Filmmaker Brian Petsos on Working with Andy Garcia and Oscar Isaac on his New Film “Big Gold Brick” | Under the Radar | Music Blog for the Indie Music Magazine
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Filmmaker Brian Petsos on Working with Andy Garcia and Oscar Isaac on his New Film “Big Gold Brick”

Escaping Reality

Feb 23, 2022 Web Exclusive Bookmark and Share

Filmmaker Brian Petsos builds worlds. Over the course of days, weeks, months, and years, his mind is at work, thinking about landscapes and settings, houses and those who might inhabit them. This is how he builds his movies. It’s not what some may think: he doesn’t sit at a keyboard and plunk away until he has it. No, he does it from the big picture to the miniscule.

Petsos’ latest film is the indie triumph, Big Gold Brick, which portrays a writer going through a meltdown before rising up from those proverbial ashes. It’s funny, dark, and involves a big cast with big names like Oscar Isaac, Andy Garcia, Lucy Hale, and Megan Fox, to name a few.

We caught up with Petsos to ask him about how he makes movies, how he got into the art form, and what it was like working with such marquee names. Big Gold Brick is due out this Friday via Samuel Goldwyn Films.

Brian Petsos
Brian Petsos

Jake Uitti (Under the Radar): What was your relationship to film as a young person—were you one of those people with a video camera in your hands at all times?

Brian Petsos: My relationship primarily was as a fan. That probably stemmed from both of my parents being pretty big film buffs. There was a period when I did make stuff as a kid, but I can’t say I was a young Spielberg constantly shooting 8 millimeter. It was much more as a film fan. In fact, my first year in art school was kind of focused around film. I later moved away from that as a concentration. But I remember just being really depressed when the curtain was ripped open and [I got a real] understanding the mechanics of how a film was made, I was really depressed about it! But I got it all back!

Was it just, like, the closer you are to something, the less special it seems?

I guess it was the idea that I would never get to just be purely a fan now that I knew how the sausage was made, which was sort of disappointing to me. But then what happens is you find the beauty in it when you start really worshipping the medium, you know?

How did you get better at making movies—writing and directing them? I believe I read that Second City in Chicago was involved?

I was very discouraged when I was studying film. It was so vocational and I was always more of an ideas person. So, I was really discouraged away from continuing to study film by that. So, I worked in other mediums for a while. Even after college I was making paintings and I did a lot of mixed-media and collage work. I made music for a long time. And then my current composer, coincidentally enough, egged me on and urged me towards going to Second City as a performer.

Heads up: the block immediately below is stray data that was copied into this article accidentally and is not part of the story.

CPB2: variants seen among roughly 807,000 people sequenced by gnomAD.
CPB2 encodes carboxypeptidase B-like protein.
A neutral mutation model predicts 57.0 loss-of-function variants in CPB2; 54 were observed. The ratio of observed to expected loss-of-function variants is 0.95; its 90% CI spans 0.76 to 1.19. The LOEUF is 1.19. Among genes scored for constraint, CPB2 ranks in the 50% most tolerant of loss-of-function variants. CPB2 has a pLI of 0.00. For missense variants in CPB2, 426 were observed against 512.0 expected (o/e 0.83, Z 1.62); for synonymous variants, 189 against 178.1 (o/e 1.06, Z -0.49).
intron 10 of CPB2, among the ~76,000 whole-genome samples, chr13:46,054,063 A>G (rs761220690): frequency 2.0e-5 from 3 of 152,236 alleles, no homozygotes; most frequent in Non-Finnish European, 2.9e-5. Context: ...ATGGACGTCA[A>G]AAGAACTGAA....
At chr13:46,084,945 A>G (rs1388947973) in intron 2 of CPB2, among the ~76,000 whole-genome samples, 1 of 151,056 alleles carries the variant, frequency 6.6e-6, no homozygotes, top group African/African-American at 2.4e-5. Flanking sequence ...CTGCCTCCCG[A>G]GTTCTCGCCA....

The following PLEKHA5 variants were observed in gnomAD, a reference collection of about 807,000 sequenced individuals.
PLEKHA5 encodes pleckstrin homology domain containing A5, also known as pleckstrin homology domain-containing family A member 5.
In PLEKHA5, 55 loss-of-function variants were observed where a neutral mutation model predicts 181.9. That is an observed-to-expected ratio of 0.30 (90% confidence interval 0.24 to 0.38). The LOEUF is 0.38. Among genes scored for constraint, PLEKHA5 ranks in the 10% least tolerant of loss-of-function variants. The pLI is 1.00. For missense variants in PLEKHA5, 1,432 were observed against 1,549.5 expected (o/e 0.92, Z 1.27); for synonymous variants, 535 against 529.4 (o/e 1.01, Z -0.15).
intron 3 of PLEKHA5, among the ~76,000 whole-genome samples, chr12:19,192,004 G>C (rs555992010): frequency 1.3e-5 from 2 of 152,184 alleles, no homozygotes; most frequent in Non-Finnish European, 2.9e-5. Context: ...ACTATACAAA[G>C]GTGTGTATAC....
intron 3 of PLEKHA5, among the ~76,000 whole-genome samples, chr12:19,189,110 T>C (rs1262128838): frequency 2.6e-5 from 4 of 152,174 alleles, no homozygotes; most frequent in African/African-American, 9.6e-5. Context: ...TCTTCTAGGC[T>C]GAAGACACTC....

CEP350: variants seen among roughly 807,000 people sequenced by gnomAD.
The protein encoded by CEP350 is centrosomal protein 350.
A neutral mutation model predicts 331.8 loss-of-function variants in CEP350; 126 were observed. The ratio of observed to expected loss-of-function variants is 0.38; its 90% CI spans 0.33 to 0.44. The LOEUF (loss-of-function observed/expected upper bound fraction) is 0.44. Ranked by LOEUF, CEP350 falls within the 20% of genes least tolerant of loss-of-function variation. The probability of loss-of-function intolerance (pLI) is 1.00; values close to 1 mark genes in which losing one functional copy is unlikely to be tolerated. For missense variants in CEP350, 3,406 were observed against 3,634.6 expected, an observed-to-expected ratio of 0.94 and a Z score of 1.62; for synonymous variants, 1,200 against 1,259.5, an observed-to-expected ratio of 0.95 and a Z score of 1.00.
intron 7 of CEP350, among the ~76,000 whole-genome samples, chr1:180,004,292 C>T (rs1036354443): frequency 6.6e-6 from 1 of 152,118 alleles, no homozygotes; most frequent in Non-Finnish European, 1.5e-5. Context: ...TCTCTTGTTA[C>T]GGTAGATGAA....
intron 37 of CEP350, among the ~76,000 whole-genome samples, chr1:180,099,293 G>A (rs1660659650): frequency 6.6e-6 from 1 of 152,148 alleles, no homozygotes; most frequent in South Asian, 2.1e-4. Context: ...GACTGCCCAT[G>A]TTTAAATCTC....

So, I started studying there always with the idea of, like, I just always knew I wanted to get back to making movies somehow. But I loved being at Second City. I studied over the course of several years there and by the day of my last conservatory show in Chicago, I packed up a truck and moved to New York with this goal of trying to make movies eventually. It started off through performing and I was writing at the time, as well. Then I started making short films and kind of abandoned performing to stick behind the camera.

Oscar Isaac
Oscar Isaac

That’s interesting, this idea of getting disillusioned about making movies and then finding your way back in via, perhaps, a less academic way. Okay, well can you tell me about New York? I believe that’s where you developed a relationship with the big-name actor, Oscar Isaac?

I have to get down on my knees and be very honest, Oscar is—you know, I consider him one of my closest collaborators. He’s a very close friend. I owe him a ton. The two short films that we did together prior to this, Ticky Tacky and Lightingface, really got out there pretty widely. He’s such a talent and he’s someone who’s sort of universally loved.

His agreeing to mess around with me and make some crazy stuff has absolutely helped and so I’m totally indebted to him. But it’s not that I don’t think—I think he also respects me as an artist because, you know, it’s not like it’s a charity case situation. I think we really like working together! [Laughs] And I think we plan on continuing to do so.

What is it you two connect on, what is your creative bond, would you say?

At risk of sounding super generic, it’s a chemistry thing. When he and I first met, I remember—the first night we actually went and hung out, we got a couple drinks and then we went back to his apartment and I think we played music for each other for, like, six hours! [Laughs] Some of our own music, as well, but mostly just music that we dug. We connected on music in a very real way.